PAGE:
Given the significance of wastewater treatment and disposal for society and the economy together with the omnipresence of standards in the sector, we studied the development and prospects of the rules governing standardization in the German municipal wastewater sector. We thereby provide a detailed description of sector-specific committee-based standardization and significantly contribute to the understanding of this complex arena. We find that the German Association for Water Wastewater and Waste (DWA) has significantly improved its rules on standardization over time by aligning them closer to the generally accepted superordinate standardization principles. However, by focusing on theoretical findings of committee decision-making and committee composition, we argue that there is still scope for improvement with respect to rule reading and rule compliance. We show that the incentives at work in standardization committees are manifold, whereas the representation of the different stakeholder groups needs' remains unbalanced. Due to vested interests and potential strategic behavior of the various agents involved in standardization rule compliance does not necessarily happen naturally. To this end, we claim that the implementation of monitoring mechanisms can be a significant contribution to the institutional design of standardization and briefly discuss the advantages and disadvantages of different schemes. Finally, we show that there is ample need for future research on the optimal design of such a scheme. Even though the analysis relates specifically to the DWA our claims apply to a wide range of standards development organizations.
- Scandinavian journal of work, environment & health
- Published over 2 years ago
Among other purposes, companies and regulatory agencies from around the world often adopt International Standard Organization (ISO) standards to determine acceptable practices, equipment and criteria for preventing occupational injuries and illnesses. ISO standards are based on a consensus among individuals who participate in the process. This discussion paper examines the scientific process for the development of several ISO standards on biomechanical factors, comparing it with processes used by other professional organizations, including scientific committees working on the development of clinical guidelines. While the ISO process has value, it also has clear limitations when it comes to developing occupational health and safety standards that should be based on scientific principles.
This paper follows up on a recent systematic review of test methods and parameters for biomechanical testing of bone plates and it is the first study that contains recommendations for standardized mechanical testing of bone plate-screw constructs for osteosynthesis. Following the testing philosophy of ASTM F382 and ISO 9585, we have developed standardized quasi-static and dynamic testing methods for straight linear and anatomically shaped plates, including locked type and conventional systems. The test specification comprises torsion and bending tests along the implant axis and therefore modifies and extends the methods proposed by ASTM F382. We present specific test setups in order to determine product-specific characteristics of the mechanical construct, consisting of the bone plate with corresponding screws (such as construct stiffness, yield strength, ultimate strength and fatigue properties) under the condition that it is rigidly fixed to “healthy bone”. We also address specific testing requirements that are important for the purpose of standardization, such as the positioning of the construct for testing or the number of screws in the diaphysis and metaphysis. Finally, we define the outcome parameters and associated failure criteria related to quasi-static and dynamic testing for comparative purposes. This paper does not intend to replace biomechanical testing of those devices under physiological loading conditions.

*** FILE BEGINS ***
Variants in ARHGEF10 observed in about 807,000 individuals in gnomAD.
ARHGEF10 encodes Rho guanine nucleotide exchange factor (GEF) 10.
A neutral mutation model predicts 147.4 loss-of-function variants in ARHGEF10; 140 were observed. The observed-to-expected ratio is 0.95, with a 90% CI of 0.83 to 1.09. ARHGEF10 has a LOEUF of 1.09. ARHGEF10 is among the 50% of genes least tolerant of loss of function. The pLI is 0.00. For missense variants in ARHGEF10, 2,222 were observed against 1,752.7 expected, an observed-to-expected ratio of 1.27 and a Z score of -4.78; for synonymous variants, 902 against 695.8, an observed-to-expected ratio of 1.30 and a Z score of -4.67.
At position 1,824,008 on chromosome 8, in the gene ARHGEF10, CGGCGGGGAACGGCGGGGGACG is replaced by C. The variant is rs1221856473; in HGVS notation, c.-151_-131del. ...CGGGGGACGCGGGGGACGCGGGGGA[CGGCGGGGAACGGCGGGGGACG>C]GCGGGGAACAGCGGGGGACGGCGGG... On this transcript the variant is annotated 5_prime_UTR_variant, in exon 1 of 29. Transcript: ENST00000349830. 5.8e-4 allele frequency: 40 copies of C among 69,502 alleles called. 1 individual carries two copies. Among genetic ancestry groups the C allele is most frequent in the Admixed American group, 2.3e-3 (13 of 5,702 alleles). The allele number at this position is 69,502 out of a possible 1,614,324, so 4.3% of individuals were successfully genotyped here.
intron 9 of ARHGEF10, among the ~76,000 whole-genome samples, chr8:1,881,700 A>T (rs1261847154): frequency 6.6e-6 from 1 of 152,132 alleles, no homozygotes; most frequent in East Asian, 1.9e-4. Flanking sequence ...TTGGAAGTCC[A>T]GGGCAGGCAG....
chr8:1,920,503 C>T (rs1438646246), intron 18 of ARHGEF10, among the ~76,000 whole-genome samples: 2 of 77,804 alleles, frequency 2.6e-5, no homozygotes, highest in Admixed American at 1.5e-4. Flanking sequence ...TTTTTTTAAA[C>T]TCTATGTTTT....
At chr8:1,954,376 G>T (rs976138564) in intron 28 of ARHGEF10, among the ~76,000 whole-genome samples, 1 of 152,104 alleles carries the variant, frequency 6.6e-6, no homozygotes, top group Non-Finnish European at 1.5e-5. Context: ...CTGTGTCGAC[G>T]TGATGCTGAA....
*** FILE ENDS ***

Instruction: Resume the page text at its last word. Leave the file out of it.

The provision of standardized hearing aids is now considered to be a crucial part of the UK National Health Service. Yet this is only explicable through reference to the career of a woman who has, until now, been entirely forgotten. Dr Phyllis Margaret Tookey Kerridge (1901-1940) was an authoritative figure in a variety of fields: medicine, physiology, otology and the construction of scientific apparatus. The astounding breadth of her professional qualifications allowed her to combine features of these fields and, later in her career, to position herself as a specialist to shape the discipline of audiometry. Rather than framing Kerridge in the classic ‘heroic-woman’ narrative, in this article we draw out the complexities of her career by focusing on her pursuit of standardization of hearing tests. Collaboration afforded her the necessary networks to explore the intricacies of accuracy in the measurement of hearing acuity, but her influence was enhanced by her ownership of Britain’s first Western Electric (pure-tone) audiometer, which she placed in a specially designed and unique ‘silence room’. The room became the centre of Kerridge’s hearing aid clinic that, for the first time, allowed people to access free and impartial advice on hearing aid prescription. In becoming the guardian expert and advocate of the audiometer, Kerridge achieved an objectively quantified approach to hearing loss that eventually made the latter an object of technocratic intervention.
A Call for Standardization in Platelet-Rich Plasma Preparation Protocols and Composition Reporting: A Systematic Review of the Clinical Orthopaedic Literature
- The Journal of bone and joint surgery. American volume
- Published about 3 years ago
Platelet-rich plasma (PRP) is a blood-derived preparation whose use has grown exponentially in orthopaedic practice. However, there remains an unclear understanding of the biological properties and effects of PRP on musculoskeletal healing. Heterogeneous processing methods, unstandardized nomenclature, and ambiguous classifications make comparison among studies challenging. A comprehensive assessment of orthopaedic clinical PRP trials is key to unraveling the biological complexity of PRP, while improving standardized communication. Toward this goal, we performed a systematic review of the PRP preparation protocols and PRP composition utilized in clinical trials for the treatment of musculoskeletal diseases.